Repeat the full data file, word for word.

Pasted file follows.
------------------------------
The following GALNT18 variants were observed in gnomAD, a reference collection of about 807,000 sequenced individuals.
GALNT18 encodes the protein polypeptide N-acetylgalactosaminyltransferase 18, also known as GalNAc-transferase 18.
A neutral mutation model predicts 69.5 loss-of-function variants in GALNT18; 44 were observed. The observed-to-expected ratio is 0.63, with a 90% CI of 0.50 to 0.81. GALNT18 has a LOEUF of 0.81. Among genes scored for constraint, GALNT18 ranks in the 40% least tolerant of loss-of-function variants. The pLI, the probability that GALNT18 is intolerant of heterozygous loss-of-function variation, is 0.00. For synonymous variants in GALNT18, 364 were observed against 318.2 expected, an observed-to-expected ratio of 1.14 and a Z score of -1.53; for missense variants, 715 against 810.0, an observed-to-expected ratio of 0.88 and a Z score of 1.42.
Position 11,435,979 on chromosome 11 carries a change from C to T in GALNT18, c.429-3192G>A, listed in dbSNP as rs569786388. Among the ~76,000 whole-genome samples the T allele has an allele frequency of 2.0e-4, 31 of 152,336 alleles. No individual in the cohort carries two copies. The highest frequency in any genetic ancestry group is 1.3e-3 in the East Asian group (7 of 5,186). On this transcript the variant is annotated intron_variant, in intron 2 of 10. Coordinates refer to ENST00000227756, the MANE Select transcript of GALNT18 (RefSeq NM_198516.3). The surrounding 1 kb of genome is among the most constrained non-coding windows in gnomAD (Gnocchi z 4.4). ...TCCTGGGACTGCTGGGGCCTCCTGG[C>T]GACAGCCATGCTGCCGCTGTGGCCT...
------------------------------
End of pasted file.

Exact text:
The following GALNT18 variants were observed in gnomAD, a reference collection of about 807,000 sequenced individuals.
GALNT18 encodes the protein polypeptide N-acetylgalactosaminyltransferase 18, also known as GalNAc-transferase 18.
A neutral mutation model predicts 69.5 loss-of-function variants in GALNT18; 44 were observed. The observed-to-expected ratio is 0.63, with a 90% CI of 0.50 to 0.81. GALNT18 has a LOEUF of 0.81. Among genes scored for constraint, GALNT18 ranks in the 40% least tolerant of loss-of-function variants. The pLI, the probability that GALNT18 is intolerant of heterozygous loss-of-function variation, is 0.00. For synonymous variants in GALNT18, 364 were observed against 318.2 expected, an observed-to-expected ratio of 1.14 and a Z score of -1.53; for missense variants, 715 against 810.0, an observed-to-expected ratio of 0.88 and a Z score of 1.42.
Position 11,435,979 on chromosome 11 carries a change from C to T in GALNT18, c.429-3192G>A, listed in dbSNP as rs569786388. Among the ~76,000 whole-genome samples the T allele has an allele frequency of 2.0e-4, 31 of 152,336 alleles. No individual in the cohort carries two copies. The highest frequency in any genetic ancestry group is 1.3e-3 in the East Asian group (7 of 5,186). On this transcript the variant is annotated intron_variant, in intron 2 of 10. Coordinates refer to ENST00000227756, the MANE Select transcript of GALNT18 (RefSeq NM_198516.3). The surrounding 1 kb of genome is among the most constrained non-coding windows in gnomAD (Gnocchi z 4.4). ...TCCTGGGACTGCTGGGGCCTCCTGG[C>T]GACAGCCATGCTGCCGCTGTGGCCT...